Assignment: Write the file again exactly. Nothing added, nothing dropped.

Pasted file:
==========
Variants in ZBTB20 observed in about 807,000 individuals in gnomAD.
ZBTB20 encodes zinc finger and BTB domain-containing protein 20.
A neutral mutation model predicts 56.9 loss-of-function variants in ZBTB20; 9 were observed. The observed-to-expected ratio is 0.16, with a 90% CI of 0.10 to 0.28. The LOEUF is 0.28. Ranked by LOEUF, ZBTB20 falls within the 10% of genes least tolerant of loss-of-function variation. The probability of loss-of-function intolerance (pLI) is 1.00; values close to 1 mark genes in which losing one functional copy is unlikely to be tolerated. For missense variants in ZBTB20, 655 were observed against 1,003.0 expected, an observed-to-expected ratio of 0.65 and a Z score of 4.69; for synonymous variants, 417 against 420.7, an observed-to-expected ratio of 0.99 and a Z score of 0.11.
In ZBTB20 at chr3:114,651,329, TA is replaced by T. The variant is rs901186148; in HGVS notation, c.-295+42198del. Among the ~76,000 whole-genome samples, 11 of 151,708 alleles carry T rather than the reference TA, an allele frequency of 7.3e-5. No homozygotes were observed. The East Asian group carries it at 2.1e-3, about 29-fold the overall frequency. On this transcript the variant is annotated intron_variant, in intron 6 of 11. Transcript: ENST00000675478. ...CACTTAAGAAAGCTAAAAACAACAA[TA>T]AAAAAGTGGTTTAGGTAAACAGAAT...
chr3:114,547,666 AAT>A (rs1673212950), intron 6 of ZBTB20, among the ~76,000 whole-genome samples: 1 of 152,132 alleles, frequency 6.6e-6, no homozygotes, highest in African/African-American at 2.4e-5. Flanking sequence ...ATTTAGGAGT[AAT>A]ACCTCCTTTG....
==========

Variants in ZBTB20 observed in about 807,000 individuals in gnomAD.
ZBTB20 encodes zinc finger and BTB domain-containing protein 20.
A neutral mutation model predicts 56.9 loss-of-function variants in ZBTB20; 9 were observed. The observed-to-expected ratio is 0.16, with a 90% CI of 0.10 to 0.28. The LOEUF is 0.28. Ranked by LOEUF, ZBTB20 falls within the 10% of genes least tolerant of loss-of-function variation. The probability of loss-of-function intolerance (pLI) is 1.00; values close to 1 mark genes in which losing one functional copy is unlikely to be tolerated. For missense variants in ZBTB20, 655 were observed against 1,003.0 expected, an observed-to-expected ratio of 0.65 and a Z score of 4.69; for synonymous variants, 417 against 420.7, an observed-to-expected ratio of 0.99 and a Z score of 0.11.
In ZBTB20 at chr3:114,651,329, TA is replaced by T. The variant is rs901186148; in HGVS notation, c.-295+42198del. Among the ~76,000 whole-genome samples, 11 of 151,708 alleles carry T rather than the reference TA, an allele frequency of 7.3e-5. No homozygotes were observed. The East Asian group carries it at 2.1e-3, about 29-fold the overall frequency. On this transcript the variant is annotated intron_variant, in intron 6 of 11. Transcript: ENST00000675478. ...CACTTAAGAAAGCTAAAAACAACAA[TA>T]AAAAAGTGGTTTAGGTAAACAGAAT...
chr3:114,547,666 AAT>A (rs1673212950), intron 6 of ZBTB20, among the ~76,000 whole-genome samples: 1 of 152,132 alleles, frequency 6.6e-6, no homozygotes, highest in African/African-American at 2.4e-5. Flanking sequence ...ATTTAGGAGT[AAT>A]ACCTCCTTTG....